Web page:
Alice S. Kandell

During this period, I have been reflecting on how I became a collector. I will start at the beginning of a long journey. I arrived in the secluded Himalayan kingdom of Sikkim in the middle of my graduate school term, having travelled there with the special permission of my Harvard professor who had unexpectedly granted me a three-week leave of absence to make the journey. Sikkim, which is now part of India, shares borders with Tibet, Bhutan and Nepal.

My purpose was to attend the coronation of my college friend Hope Cooke who, following her marriage two years previously to the Crown Prince of Sikkim, was now to be Queen, and her husband King. (Hope was the first American to be crowned a queen.) I arrived in Sikkim on a bleak rainy day, clouds and mist covering everything. Monks chanted through the night, praying for good weather for the coronation day. The morning brought an incredible blue cloudless sky; white, snow-capped mountains appeared, together with red, yellow and gold-carved Buddhist monasteries and the figures of Buddhist lamas draped in maroon and saffron robes.

As we entered the royal chapel for the ceremony, I was overwhelmed by the mystique and beauty of the art, by the paintings, sculpture, wall hangings, and brocade ceiling canopies adorning the royal chapel. The flickering candles in the dark chapel and the low chanting of monks were mesmerising. This was the art, the paintings, the golden statues and the spiritual ambience that would never leave me.

When I returned to school afterwards, the beauty of the Tibetan Buddhist art continued to haunt me. I returned to Sikkim whenever I had the chance during college breaks. I longed to take some of the art with me, but Buddhist art is never for sale: it is used in daily ritual and religious life. All I could do was return to Sikkim again and again.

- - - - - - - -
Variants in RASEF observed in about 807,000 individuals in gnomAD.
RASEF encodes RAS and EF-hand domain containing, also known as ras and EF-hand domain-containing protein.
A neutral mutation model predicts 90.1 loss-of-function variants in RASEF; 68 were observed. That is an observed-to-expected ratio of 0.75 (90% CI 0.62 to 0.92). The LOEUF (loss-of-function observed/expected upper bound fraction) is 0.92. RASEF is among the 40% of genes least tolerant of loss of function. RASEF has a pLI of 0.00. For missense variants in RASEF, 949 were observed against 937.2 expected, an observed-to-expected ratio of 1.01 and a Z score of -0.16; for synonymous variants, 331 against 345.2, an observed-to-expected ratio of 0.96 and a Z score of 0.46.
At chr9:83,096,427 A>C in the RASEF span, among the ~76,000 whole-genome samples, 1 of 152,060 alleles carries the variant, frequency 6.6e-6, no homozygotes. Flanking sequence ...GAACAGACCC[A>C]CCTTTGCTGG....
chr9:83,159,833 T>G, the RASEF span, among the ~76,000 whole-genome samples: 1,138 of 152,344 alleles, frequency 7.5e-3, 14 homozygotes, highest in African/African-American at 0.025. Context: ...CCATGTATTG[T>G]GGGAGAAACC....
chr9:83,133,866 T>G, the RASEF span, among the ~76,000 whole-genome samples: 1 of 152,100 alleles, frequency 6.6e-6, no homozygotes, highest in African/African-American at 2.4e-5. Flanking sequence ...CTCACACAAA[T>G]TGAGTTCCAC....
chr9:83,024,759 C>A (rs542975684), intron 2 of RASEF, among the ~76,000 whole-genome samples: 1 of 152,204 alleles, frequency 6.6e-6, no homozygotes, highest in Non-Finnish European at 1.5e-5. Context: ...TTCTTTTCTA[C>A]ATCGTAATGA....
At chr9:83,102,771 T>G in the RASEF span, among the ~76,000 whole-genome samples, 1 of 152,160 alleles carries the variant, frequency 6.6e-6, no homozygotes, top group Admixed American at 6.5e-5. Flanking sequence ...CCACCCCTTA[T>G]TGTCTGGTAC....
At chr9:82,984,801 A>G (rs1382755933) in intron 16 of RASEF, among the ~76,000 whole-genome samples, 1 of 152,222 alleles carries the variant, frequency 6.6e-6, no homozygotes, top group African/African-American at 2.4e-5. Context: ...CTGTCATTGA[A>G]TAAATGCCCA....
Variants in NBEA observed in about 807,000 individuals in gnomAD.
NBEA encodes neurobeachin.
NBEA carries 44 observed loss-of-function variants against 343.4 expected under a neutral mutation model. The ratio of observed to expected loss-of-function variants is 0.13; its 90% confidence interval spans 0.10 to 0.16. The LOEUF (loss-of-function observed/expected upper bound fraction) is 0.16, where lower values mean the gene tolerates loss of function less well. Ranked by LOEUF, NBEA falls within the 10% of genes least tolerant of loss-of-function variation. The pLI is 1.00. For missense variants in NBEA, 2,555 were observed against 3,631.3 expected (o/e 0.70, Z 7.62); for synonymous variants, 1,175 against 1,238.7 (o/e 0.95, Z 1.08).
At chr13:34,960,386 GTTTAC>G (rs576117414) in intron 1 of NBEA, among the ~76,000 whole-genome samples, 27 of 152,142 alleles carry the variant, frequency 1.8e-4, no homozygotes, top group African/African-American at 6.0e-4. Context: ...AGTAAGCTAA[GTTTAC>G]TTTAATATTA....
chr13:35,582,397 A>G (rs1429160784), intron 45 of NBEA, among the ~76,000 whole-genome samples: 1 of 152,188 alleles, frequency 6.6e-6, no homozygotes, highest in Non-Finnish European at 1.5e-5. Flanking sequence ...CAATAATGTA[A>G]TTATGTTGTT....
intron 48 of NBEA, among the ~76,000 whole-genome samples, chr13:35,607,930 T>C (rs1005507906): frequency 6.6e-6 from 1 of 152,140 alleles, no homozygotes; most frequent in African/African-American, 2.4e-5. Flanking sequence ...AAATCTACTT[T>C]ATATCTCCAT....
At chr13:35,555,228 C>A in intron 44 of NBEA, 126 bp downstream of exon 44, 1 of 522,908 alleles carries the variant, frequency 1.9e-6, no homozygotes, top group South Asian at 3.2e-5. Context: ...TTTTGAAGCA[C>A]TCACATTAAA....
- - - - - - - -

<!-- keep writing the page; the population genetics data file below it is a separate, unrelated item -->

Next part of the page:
Back in New York, Tibetan refugees began to arrive, and I was slowly able to acquire some Tibetan art. Gingerly I tried to approach that amazing feeling of spirituality in the Tibetan chapel in Sikkim. I loved every statue, painting and religious object brought to me by Tibetan people in New York, poring over every piece, small or large, that became available. Each object has a story and each rings a bell deep inside me that I cannot explain. If a beautiful Tibetan piece is presented to me, I try to acquire it and save it, knowing it can never go back to its original home in Tibet. The pieces do not belong on the open art market because of their religious and spiritual significance.

Collecting can be a passion; at least it is for me. When I see a piece and it is of the highest quality, it triggers a response. It’s strange how that can happen. I share my passion with my friend Philip Rudko, who says: ‘Don’t talk to me about collecting Tibetan art. It’s an addiction. It’s easier to get off of heroin.’ And so it was with me. Perhaps it’s a bit like that for all serious collectors. I have a friend who collects blue glass bottles. Peggy Guggenheim said that contemporary paintings ‘talked’ to her. My own dialogue is with Tibetan art.

Gradually, as my collection grew, I formed it into a Tibetan shrine room, following the model of a wealthy Tibetan home or a small chapel. Eventually, some 250 pieces resided in my dining room. The collection had become so large that I realised that, although I am not a Buddhist, in the Buddhist tradition of non-attachment, objects do not belong to me. They belong to all people. I donated it to the Smithsonian in 2010.

The passion continued, however, and whenever a piece of antique Tibetan art – a statue, painting or object – comes to me, it is difficult to say goodbye. And so now, 10 years on from the gift to the Smithsonian, I have formed yet another shrine room in the same, now-sacred space. Once again it has taken over my dining room. Since the spread of Covid-19, I have had many moments in this special room filled with Tibetan Buddhist art. I no longer worry about whether I should share it with the public. Seclusion has prohibited that. I have time privately, quietly, surrounded my collection, to contemplate, to think and to appreciate being safe. I may not be a Buddhist, but I am protected inside my own spiritual realm, with its quiet peace, not diverted by everyday distractions. There is no need to worry about more collecting or to be anxious about restoration. It is a pensive time, a time for my collection to care for me.

Alice S. Kandell is a child psychologist, photographer, author and collector based in New York.

From the June 2020 issue of Apollo. Preview and subscribe here.